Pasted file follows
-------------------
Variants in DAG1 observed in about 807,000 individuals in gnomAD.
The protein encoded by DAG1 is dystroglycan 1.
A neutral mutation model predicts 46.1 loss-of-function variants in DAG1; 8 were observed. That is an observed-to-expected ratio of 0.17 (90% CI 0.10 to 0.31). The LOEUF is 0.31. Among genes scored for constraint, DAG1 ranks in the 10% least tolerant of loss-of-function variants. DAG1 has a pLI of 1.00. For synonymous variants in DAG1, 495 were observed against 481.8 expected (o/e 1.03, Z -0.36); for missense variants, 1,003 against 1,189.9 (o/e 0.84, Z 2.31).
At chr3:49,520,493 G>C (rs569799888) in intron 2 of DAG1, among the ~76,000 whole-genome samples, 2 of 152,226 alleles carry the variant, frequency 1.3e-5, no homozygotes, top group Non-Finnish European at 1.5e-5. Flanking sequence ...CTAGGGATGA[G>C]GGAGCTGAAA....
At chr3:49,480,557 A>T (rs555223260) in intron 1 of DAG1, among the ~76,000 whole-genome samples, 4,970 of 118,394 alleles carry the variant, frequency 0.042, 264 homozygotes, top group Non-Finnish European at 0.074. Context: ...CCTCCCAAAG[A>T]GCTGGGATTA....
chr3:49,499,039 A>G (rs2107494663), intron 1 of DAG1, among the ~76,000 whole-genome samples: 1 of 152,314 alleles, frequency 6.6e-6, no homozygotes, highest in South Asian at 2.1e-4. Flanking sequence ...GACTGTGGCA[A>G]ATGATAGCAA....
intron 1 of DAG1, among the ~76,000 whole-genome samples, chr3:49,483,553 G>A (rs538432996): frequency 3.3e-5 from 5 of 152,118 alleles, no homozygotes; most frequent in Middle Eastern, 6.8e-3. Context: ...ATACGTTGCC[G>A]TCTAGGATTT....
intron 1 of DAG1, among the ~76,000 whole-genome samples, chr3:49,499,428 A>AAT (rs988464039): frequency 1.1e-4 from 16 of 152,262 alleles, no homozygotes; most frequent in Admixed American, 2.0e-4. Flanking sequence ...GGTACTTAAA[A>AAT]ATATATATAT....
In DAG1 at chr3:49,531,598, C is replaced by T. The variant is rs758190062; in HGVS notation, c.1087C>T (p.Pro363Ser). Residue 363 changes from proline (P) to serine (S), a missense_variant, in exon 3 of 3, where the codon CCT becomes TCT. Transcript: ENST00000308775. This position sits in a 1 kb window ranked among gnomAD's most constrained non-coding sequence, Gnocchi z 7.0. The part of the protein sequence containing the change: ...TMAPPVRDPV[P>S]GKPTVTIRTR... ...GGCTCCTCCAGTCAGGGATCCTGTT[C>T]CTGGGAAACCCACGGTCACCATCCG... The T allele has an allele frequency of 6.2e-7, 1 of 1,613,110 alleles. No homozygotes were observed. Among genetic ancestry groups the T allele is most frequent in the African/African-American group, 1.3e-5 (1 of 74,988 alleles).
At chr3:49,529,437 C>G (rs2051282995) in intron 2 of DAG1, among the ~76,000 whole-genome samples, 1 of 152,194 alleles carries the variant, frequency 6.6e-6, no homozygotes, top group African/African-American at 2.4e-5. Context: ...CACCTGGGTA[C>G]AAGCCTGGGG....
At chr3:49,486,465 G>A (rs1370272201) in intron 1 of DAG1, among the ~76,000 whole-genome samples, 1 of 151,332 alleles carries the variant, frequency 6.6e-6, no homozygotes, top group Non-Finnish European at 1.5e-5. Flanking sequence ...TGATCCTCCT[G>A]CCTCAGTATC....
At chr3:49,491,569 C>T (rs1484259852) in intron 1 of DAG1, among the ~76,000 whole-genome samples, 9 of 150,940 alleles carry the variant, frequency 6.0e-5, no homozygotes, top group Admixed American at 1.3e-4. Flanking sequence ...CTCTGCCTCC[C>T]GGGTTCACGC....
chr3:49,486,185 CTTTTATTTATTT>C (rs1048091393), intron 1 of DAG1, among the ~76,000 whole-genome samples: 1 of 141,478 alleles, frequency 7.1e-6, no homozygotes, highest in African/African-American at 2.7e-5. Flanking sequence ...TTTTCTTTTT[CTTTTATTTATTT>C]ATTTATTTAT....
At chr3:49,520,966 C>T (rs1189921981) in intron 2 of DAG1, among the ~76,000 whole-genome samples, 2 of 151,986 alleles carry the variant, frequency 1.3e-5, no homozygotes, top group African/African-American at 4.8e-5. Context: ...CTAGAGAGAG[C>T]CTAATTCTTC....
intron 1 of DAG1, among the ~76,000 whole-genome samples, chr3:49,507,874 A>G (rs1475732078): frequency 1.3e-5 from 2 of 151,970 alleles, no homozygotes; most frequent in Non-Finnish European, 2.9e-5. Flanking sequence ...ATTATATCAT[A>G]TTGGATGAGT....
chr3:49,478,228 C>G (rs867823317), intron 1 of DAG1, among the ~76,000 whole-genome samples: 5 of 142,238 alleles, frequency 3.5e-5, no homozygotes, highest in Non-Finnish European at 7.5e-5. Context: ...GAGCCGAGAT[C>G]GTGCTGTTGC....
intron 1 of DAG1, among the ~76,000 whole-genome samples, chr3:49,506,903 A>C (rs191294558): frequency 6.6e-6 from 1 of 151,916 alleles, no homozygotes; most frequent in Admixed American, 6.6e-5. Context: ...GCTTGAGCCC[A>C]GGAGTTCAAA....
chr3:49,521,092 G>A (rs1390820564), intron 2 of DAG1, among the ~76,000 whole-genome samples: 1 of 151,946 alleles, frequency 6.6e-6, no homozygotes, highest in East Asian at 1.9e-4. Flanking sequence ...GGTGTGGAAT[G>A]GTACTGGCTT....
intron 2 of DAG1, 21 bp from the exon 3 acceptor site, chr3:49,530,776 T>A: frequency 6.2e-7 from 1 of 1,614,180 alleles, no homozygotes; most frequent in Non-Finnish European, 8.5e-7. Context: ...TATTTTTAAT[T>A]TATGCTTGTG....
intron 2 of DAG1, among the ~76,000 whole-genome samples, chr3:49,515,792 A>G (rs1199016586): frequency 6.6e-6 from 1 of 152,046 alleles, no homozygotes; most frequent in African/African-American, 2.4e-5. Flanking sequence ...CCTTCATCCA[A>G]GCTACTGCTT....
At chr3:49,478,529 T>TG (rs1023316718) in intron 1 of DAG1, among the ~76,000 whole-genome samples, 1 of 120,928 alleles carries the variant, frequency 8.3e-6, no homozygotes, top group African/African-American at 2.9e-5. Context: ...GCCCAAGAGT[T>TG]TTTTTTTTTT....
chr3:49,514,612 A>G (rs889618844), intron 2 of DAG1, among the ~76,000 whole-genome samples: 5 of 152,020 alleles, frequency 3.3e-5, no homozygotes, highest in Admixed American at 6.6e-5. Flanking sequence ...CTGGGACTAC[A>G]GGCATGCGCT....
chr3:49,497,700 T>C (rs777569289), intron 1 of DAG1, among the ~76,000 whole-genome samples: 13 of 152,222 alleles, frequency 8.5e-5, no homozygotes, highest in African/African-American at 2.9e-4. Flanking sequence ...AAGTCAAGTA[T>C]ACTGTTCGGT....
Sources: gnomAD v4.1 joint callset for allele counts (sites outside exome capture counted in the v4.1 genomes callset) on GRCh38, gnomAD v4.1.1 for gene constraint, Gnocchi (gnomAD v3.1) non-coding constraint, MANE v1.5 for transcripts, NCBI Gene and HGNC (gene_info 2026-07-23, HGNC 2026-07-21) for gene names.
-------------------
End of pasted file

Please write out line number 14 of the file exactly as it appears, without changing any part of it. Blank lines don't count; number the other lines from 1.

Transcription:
At chr3:49,520,966 C>T (rs1189921981) in intron 2 of DAG1, among the ~76,000 whole-genome samples, 2 of 151,986 alleles carry the variant, frequency 1.3e-5, no homozygotes, top group African/African-American at 4.8e-5. Context: ...CTAGAGAGAG[C>T]CTAATTCTTC....